For non-metallic inclusions in aluminum alloy melt, mainly oxides, aluminum refining can be used to effectively remove them. For more demanding materials, it can also be removed by filtration during the pouring process. For metal impurities, the general treatment method is to turn harmful factors into favorable factors. That is, it is transformed into a beneficial second phase by alloying method to facilitate the performance of the material and save costs.
Aluminum alloys smelted from aluminum-containing waste materials often contain excessive metal elements, which should be removed as much as possible. The oxidation method can be used to remove various metal impurities from the melt that have a greater affinity for oxygen than aluminum and oxygen and chlorine. For example, magnesium, zinc, calcium, zirconium, sodium, potassium and other elements accelerate the oxidation and chlorination of these impurity elements by stirring the melt. These metal oxides and chlorides are insoluble in the aluminum alloy liquid and enter the slag. It can be removed from the aluminum alloy melt by skimming.
The difference in solubility can also be used to remove metal impurities in the aluminum alloy solution. For example, the aluminum alloy contaminated by impurities is eutecticized with a metal that can dissolve aluminum without dissolving the impurities, and then the aluminum alloy liquid is separated by CFF filtration, and then the added metal is removed by vacuum distillation. Usually, magnesium, zinc, and mercury are added to remove iron, silicon, and other impurities in aluminum, and then vacuum distillation is used to remove these added metals. For example, after the aluminum alloy contaminated by impurities is eutecticized with 30% magnesium, the alloy is allowed to stand for a period of time at a temperature close to the eutectic temperature to filter out the primary precipitated crystalline phases containing iron and silicon, and then vacuum desorption at 850°C Magnesium, impurities with high vapor pressure such as zinc and lead are also removed together with magnesium, and a pure aluminum alloy is obtained after magnesium removal. Under normal circumstances, the secondary aluminum industry is not adopted, and its cost is too high.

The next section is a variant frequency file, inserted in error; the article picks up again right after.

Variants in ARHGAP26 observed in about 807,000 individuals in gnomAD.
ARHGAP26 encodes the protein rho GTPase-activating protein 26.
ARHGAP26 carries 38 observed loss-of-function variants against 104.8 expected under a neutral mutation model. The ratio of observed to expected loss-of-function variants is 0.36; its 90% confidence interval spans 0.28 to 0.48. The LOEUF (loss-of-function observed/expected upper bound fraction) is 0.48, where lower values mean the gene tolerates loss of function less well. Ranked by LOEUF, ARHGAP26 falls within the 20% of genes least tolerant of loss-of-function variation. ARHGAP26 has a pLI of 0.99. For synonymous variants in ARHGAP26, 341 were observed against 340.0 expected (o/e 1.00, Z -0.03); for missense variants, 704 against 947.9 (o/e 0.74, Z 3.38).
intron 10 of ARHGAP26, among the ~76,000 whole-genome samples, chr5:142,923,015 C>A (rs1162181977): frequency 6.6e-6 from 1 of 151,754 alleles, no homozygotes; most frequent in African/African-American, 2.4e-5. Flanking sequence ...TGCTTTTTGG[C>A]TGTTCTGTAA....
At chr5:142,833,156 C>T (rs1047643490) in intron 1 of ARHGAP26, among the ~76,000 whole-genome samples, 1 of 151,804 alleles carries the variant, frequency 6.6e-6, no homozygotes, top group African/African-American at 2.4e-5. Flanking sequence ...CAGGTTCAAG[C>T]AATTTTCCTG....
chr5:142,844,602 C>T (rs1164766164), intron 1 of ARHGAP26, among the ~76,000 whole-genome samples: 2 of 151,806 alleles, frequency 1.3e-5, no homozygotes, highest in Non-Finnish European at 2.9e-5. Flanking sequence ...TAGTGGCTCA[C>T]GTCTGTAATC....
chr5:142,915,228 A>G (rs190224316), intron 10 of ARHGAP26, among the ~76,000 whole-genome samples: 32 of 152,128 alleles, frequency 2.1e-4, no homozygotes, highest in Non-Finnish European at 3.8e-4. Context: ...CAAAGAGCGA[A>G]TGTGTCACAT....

In order to further improve the quality of aluminum alloy liquid, or when certain grades of aluminum alloys require strict control of hydrogen content and inclusions, combined refining methods can be used, that is, two refining methods are used at the same time. For example, chlorine salt + filtration refining, argon blowing + flux refining and other methods can achieve better results than single aluminum refining.
Compared with the production of ingots with aluminum ingots for remelting aluminum, the content of hydrogen, non-metallic inclusions and non-aluminum metal impurities in the recycled aluminum melt is much higher than that of aluminum and alloy melts produced with remelting aluminum ingots. If it is not refined, it is difficult to guarantee the quality of recycled aluminum ingots. The method for removing hydrogen and non-metallic inclusions from the secondary aluminum melt is basically the same as the method for producing the ingot melt from the remelted ingot.